The list of U.S. exhibitors so far, available from contact person Cara Boulesteix in the Commerce Department, runs 16 pages and more than 200 companies. Many subsidiaries, partnerships and cooperative agreements are not mentioned. Prominently featured are giant military contractors General Electric Co., Boeing, Honeywell, Lockheed Martin, Northrop Grumman and Raytheon. Indeed, the list is a virtual who’s who of our corporate federal contractors who are also feverishly hawking (no pun intended) their wares abroad, including Kaiser Aluminum, Goodrich, Teleflex and Bell Helicopter. A glossy tradition of cosmopolitanism in arms and “dual-use” transactions has long been established here, of course: You may recall that Honeywell, Rockwell and Bell Helicopter also were among the dozens of U.S. corporations whose products ended up in Saddam’s Iraq. (www.thememory-hole.org/corp/iraq-suppliers.htm)
Some of the merchant-of-death networking might surprise the public. Several states, including Virginia, are exhibiting at the venue, including Jeb Bush’s Florida, which will be amply represented by “Southwest Florida,” and “Enterprise Florida,” each advertising cheap Florida labor. Speaking of security, Tampa International Airport also is an exhibitor. But then, the Federal Aviation Administration itself attends the air show, as does the American Association of Airport Executives. So any purchases of security systems, military data recorders, night-vision searchlights, cargo and baggage handling systems, communications systems and other devices designed to elude them, take place figuratively under their noses.
Thus far, the FAA has not been grounded. This year, though, the administration is limiting the number of officials attending the show to 150.
Not that the rubbing elbows is confined to current officeholders. Another U.S. exhibitor is Aviall Inc., a giant aviation-parts distributor owned partly by the Carlyle Group, in which the Bush family possesses a substantial interest through former President George H. W. Bush. Not much new there. This would be the same Carlyle Group formerly associated with Saudi Arabia’s giant industrial complex, the Bin Laden Group.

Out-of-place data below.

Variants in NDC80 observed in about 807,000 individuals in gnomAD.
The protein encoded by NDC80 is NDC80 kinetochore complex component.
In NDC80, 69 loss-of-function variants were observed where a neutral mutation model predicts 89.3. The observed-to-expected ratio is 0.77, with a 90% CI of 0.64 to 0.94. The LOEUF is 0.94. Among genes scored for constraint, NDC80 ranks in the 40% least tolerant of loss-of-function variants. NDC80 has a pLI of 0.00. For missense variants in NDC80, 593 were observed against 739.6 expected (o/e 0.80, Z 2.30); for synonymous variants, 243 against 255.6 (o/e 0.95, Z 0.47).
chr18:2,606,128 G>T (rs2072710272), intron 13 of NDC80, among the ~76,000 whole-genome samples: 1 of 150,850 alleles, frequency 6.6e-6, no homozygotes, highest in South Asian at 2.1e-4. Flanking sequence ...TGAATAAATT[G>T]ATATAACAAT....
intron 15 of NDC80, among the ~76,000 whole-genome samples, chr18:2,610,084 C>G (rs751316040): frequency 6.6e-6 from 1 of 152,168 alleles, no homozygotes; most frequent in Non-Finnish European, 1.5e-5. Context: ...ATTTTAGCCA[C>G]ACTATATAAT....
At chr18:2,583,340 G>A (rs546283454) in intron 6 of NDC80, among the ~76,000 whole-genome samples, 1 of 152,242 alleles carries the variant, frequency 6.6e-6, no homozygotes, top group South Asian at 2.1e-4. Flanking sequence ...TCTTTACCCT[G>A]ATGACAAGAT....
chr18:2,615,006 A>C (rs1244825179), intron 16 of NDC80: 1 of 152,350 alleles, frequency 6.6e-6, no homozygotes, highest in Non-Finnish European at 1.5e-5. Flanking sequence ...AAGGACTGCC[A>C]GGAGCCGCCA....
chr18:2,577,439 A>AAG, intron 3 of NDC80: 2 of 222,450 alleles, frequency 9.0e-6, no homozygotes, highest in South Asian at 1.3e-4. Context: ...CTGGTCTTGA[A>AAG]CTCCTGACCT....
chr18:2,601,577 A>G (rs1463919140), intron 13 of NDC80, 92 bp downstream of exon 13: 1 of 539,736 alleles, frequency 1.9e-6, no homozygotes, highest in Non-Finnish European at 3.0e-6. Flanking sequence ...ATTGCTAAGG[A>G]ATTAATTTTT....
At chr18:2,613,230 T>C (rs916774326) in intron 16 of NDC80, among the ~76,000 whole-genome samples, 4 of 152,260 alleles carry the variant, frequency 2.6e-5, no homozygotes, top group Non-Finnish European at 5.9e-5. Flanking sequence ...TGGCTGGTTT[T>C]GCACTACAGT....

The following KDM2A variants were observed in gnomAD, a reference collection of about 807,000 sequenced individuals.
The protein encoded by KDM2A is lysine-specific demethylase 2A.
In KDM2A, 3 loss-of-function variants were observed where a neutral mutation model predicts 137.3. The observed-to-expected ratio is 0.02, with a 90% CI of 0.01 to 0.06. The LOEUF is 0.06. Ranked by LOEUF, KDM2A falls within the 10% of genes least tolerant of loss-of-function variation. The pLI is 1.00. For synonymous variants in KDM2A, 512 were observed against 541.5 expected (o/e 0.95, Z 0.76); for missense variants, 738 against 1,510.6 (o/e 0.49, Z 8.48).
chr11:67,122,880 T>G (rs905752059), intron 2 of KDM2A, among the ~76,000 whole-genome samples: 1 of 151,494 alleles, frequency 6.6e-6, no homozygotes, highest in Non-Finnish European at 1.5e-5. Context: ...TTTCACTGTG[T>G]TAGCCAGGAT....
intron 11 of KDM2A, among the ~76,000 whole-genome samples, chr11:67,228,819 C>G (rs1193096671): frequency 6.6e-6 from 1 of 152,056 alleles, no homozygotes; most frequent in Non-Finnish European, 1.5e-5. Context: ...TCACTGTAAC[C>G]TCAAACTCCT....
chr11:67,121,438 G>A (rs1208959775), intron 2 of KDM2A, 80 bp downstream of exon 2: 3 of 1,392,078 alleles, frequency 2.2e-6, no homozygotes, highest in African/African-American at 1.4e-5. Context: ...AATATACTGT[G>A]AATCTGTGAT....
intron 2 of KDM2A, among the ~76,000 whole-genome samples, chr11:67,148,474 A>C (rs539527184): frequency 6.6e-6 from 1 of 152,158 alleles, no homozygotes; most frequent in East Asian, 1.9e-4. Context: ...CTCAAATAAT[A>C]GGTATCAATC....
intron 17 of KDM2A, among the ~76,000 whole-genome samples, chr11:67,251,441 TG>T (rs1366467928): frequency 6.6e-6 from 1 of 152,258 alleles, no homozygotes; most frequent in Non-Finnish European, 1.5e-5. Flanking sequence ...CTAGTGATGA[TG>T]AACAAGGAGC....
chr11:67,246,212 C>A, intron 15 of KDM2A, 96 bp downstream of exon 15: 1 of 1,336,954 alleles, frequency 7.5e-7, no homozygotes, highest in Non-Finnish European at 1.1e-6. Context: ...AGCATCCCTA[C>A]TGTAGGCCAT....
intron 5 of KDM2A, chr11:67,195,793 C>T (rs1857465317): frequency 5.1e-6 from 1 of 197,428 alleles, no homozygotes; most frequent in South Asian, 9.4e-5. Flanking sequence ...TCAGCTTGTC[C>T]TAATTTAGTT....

Mr. Limbaugh, I know what you may say: These corporate networks are so intertwined in our lives that no person, even equipped with a conscience, can avoid entanglement. You may point out that even Clear Channel, the communications behemoth whose hundreds of radio stations proudly advertise your talk show, does multimillion-dollar business in France annually. Clear Channel itself, you will say, which banned the Dixie Chicks’ songs on its channels, has radio hosts boosting I-hate-France Web sites and puts you and your boycott on the airwaves, has live entertainment venues in France, and recently won a 12-year, $35 million advertising contract in France. The company owns French subsidiaries (www.clearchannel.ie/ccworldwide.htm) that, in turn, do business with French performers, distributors and sponsors. In fact, Clear Channel does enough French business yearly to buy almost any of the small towns over which your program broadcasts.
Clear Channel also owns six radio stations in Richmond, Va., including WRVA-AM (1140), home of host Michael Graham — yes, the same Michael Graham who vilified the Byrd Theatre for flying the French flag during VCU’s French Film Festival and encouraged Richmonders to complain. (“Now, the two largest flags flying in Carytown are both French!”) Now might be a good time to call Graham and remind him that his employer does more business in France than the theater does.
Mr. Limbaugh, I have a promise for you: If you will demand through your outlets that the public boycott Clear Channel, I shall willingly give credit where credit is due. I will fully and fairly disclose, if someone tells me about it, that you went beyond your immediate self-interest, to take a position on grounds of conscience. I shall even join with you in calling for the boycott.
Best of luck to you in every good thing.
Sincerely, Margie Burns
Margie Burns is a freelance writer in D.C. and she teaches in the English department at the University of Maryland, Baltimore County. She can be reached at firstname.lastname@example.org.
Opinions expressed on the Back Page are those of the writer and not necessarily those of Style Weekly.
Style Weekly's mission is to provide smart, witty and tenacious coverage of Richmond. Our editorial team strives to reveal Richmond's true identity through unflinching journalism, incisive writing, thoughtful criticism, arresting photography and sophisticated presentation.
We make sense of the news; pursue those in power; explore the city's arts and culture; open windows on provocative ideas; and help readers know Richmond through its people. We give readers the information to make intelligent decisions.